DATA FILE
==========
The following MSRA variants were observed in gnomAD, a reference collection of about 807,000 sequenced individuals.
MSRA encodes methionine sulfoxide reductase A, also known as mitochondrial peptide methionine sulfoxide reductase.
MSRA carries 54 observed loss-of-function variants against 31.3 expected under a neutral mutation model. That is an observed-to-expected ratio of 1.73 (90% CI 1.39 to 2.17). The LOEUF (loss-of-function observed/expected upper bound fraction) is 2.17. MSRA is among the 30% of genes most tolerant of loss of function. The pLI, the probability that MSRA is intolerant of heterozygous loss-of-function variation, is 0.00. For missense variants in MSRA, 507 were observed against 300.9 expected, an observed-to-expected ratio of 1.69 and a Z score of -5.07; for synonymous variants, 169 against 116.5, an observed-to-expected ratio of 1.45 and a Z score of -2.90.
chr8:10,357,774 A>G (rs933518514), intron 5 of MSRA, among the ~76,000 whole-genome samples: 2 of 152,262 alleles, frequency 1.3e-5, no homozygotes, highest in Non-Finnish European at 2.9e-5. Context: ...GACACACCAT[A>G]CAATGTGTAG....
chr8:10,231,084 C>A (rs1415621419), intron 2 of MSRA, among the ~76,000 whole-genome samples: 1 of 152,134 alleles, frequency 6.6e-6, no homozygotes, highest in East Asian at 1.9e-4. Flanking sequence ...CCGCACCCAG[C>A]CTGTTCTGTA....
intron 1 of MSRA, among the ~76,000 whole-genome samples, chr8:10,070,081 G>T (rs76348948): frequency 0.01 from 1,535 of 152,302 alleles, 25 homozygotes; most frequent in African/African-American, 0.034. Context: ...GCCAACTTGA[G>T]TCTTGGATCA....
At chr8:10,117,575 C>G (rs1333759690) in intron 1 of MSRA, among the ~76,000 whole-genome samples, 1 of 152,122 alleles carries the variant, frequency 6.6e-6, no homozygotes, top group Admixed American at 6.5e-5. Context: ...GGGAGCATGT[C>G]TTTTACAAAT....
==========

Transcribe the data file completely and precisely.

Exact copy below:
The following MSRA variants were observed in gnomAD, a reference collection of about 807,000 sequenced individuals.
MSRA encodes methionine sulfoxide reductase A, also known as mitochondrial peptide methionine sulfoxide reductase.
MSRA carries 54 observed loss-of-function variants against 31.3 expected under a neutral mutation model. That is an observed-to-expected ratio of 1.73 (90% CI 1.39 to 2.17). The LOEUF (loss-of-function observed/expected upper bound fraction) is 2.17. MSRA is among the 30% of genes most tolerant of loss of function. The pLI, the probability that MSRA is intolerant of heterozygous loss-of-function variation, is 0.00. For missense variants in MSRA, 507 were observed against 300.9 expected, an observed-to-expected ratio of 1.69 and a Z score of -5.07; for synonymous variants, 169 against 116.5, an observed-to-expected ratio of 1.45 and a Z score of -2.90.
chr8:10,357,774 A>G (rs933518514), intron 5 of MSRA, among the ~76,000 whole-genome samples: 2 of 152,262 alleles, frequency 1.3e-5, no homozygotes, highest in Non-Finnish European at 2.9e-5. Context: ...GACACACCAT[A>G]CAATGTGTAG....
chr8:10,231,084 C>A (rs1415621419), intron 2 of MSRA, among the ~76,000 whole-genome samples: 1 of 152,134 alleles, frequency 6.6e-6, no homozygotes, highest in East Asian at 1.9e-4. Flanking sequence ...CCGCACCCAG[C>A]CTGTTCTGTA....
intron 1 of MSRA, among the ~76,000 whole-genome samples, chr8:10,070,081 G>T (rs76348948): frequency 0.01 from 1,535 of 152,302 alleles, 25 homozygotes; most frequent in African/African-American, 0.034. Context: ...GCCAACTTGA[G>T]TCTTGGATCA....
At chr8:10,117,575 C>G (rs1333759690) in intron 1 of MSRA, among the ~76,000 whole-genome samples, 1 of 152,122 alleles carries the variant, frequency 6.6e-6, no homozygotes, top group Admixed American at 6.5e-5. Context: ...GGGAGCATGT[C>G]TTTTACAAAT....